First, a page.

To Iraq and Back: A Principal’s ‘Awesome Experience’

On Jan. 10, 2003, my world changed forever as the global war on terror took a very personal turn into my life. I received a phone call around 9 that night ordering me to active duty with the U.S. Army. I was to call my team of civil affairs soldiers to alert them of the call-up, knowing full well their families, like mine, would be affected more than any of us could ever be prepared for.

My journey in the military began in 1986 when I entered basic training as a private first class and 10 months later was commissioned to second lieutenant. I wasn’t called on to serve in a war zone until I received orders in 2003. What unfolded over the next 18 months comprises the most amazing period of my life as I experienced so many highs, lows and camaraderie that only brothers in arms truly understand.

A person really finds out a lot about himself and others when he is put in harm’s way. Stressful times don’t create leaders, they expose them.

Transferable Skills
Much of who I am comes from my upbringing from my parents and the experiences that I had while attending school. My dad was the superintendent of the Eldora-New Providence Community Schools in Eldora, Iowa, when I went to school and he instilled in me values that became the core of who I am today—a father of two, a principal of a 420-student elementary school, a soldier and a human being.

I recall the many ways my dad interacted with parents, kids and staff as part of his daily routine. I have incorporated his example of being forever flexible and ready to adjust to so many different and unexpected situations as they arise in a school setting every day. My studies at the University of Iowa and the University of Wisconsin-Milwaukee taught me to be versatile in dealing with anything thrown at me.

These leadership skills served me well during my several months of training at Fort Bragg in North Carolina and the year I served in Iraq’s Qadasiyah provinces, about 100 miles southeast of Baghdad. Some decisions had an immediate impact on life or death, both for my own troops as well as the Iraqis with whom I was working. Unfortunately, several friends and comrades did pay the ultimate price, and as I speak to organizations about my war-time experiences I always dedicate my speech to Sgt. Aaron Sissel, a former student of mine in Iowa who was killed in November 2003; Hamood Awad Hakeem, director of education in Diwaniyah; Eman Hassan, my 28-year-old female translator, a brave 3rd-grade teacher who spoke great English; and Fern Holland, women’s rights attorney. All were great individuals with whom I worked closely just trying to make the future a little brighter for Iraqis.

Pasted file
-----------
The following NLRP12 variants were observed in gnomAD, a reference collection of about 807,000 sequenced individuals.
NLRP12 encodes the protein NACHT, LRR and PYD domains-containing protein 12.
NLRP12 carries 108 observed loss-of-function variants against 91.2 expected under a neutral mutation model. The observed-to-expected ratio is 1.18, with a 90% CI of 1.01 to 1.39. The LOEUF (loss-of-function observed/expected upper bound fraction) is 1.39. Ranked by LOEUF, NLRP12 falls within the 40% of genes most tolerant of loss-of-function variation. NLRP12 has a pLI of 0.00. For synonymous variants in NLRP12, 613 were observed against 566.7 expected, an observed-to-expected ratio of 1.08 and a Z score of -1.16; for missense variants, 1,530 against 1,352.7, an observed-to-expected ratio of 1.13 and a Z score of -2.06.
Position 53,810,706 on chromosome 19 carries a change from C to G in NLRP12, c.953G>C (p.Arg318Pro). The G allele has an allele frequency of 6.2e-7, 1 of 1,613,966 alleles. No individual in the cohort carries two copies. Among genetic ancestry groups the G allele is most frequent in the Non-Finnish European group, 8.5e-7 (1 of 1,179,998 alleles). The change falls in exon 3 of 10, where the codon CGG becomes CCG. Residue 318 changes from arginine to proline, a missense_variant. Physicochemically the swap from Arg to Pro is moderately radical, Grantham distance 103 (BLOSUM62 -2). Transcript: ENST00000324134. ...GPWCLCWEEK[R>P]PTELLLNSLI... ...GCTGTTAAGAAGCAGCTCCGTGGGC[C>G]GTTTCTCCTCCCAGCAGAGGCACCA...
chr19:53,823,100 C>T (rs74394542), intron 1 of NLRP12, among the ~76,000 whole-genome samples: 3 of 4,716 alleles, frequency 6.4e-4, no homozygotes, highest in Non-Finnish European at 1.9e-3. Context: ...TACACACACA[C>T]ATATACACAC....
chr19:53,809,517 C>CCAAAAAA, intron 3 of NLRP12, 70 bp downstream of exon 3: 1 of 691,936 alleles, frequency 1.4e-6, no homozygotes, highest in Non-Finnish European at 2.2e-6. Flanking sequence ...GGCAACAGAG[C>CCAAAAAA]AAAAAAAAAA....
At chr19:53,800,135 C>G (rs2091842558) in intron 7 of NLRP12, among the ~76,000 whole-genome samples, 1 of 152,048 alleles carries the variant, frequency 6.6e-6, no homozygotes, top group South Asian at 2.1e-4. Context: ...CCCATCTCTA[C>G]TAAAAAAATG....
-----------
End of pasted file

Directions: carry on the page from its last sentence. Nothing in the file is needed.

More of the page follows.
It was an awesome experience to assist people whose educational system had been reduced to almost nothing. As a civil affairs commander in the Army reserves, I worked with Iraqis to bring water, electricity, doors, windows, paint, desks, pencils and paper to school buildings that had been all but destroyed through years of neglect and warfare.

Beyond infrastructure, we also had to rebuild a curriculum, address teacher pay and contract issues and re-establish teacher training for a system of 527 schools and 183,000 students. One day I carried $250,000 to the bank (escorted by armed guards) to supply the payroll for teachers who hadn't been paid in two months. I had the opportunity to sit down with Iraqi educators and the ministry of education to develop new teacher handbooks and revamp the schedule for salary and benefits. It still amazes me I was part of important changes for education in a new Iraq.

Day-to-day difficulty arose when decisions had to be made about whom you could help that day. Iraqis would come to us with all types of needs. They would bring us photos and documents in search of loved ones who had been taken by Saddam Hussein’s security forces years ago, knowing full well they probably had been killed. Desperately hopeful parents would bring us their sick children. Tough dilemmas no amount of training could prepare you for.

Homefront Support
The community support back home in northeastern Wisconsin was incredible. The war became personal for so many people in the small town of Chilton (population 3,800) as their elementary principal went off to war. My superintendent, Steve Patz, and the school board supported me and my family throughout the 1½ years that I was deployed. Their above-and-beyond support made the work I was doing in Iraq easier as my worries about the home front were fewer.

I was honored to serve my country in Iraq. The experience was incredible. My major frustration since returning home in April 2004 has been with American news media coverage that shows only the tragedies of war rather than the phenomenal successes occurring daily. So many positives happened while I was there. Admittedly, the tragic moments do jump out at me, but the majority of my days were upbeat and extremely rewarding.

The Iraqi people with whom I got to deal were hospitable and appreciative and had a great sense of humor despite all they had been through. I believe Iraq one day will be a strong, safe country thanks to the sacrifices of so many. I look forward to watching that happen.

Rich Appel, a major in the U.S. Army Reserves, is principal of Chilton Elementary School, 421 Court St., Chilton, WI 53014. E-mail: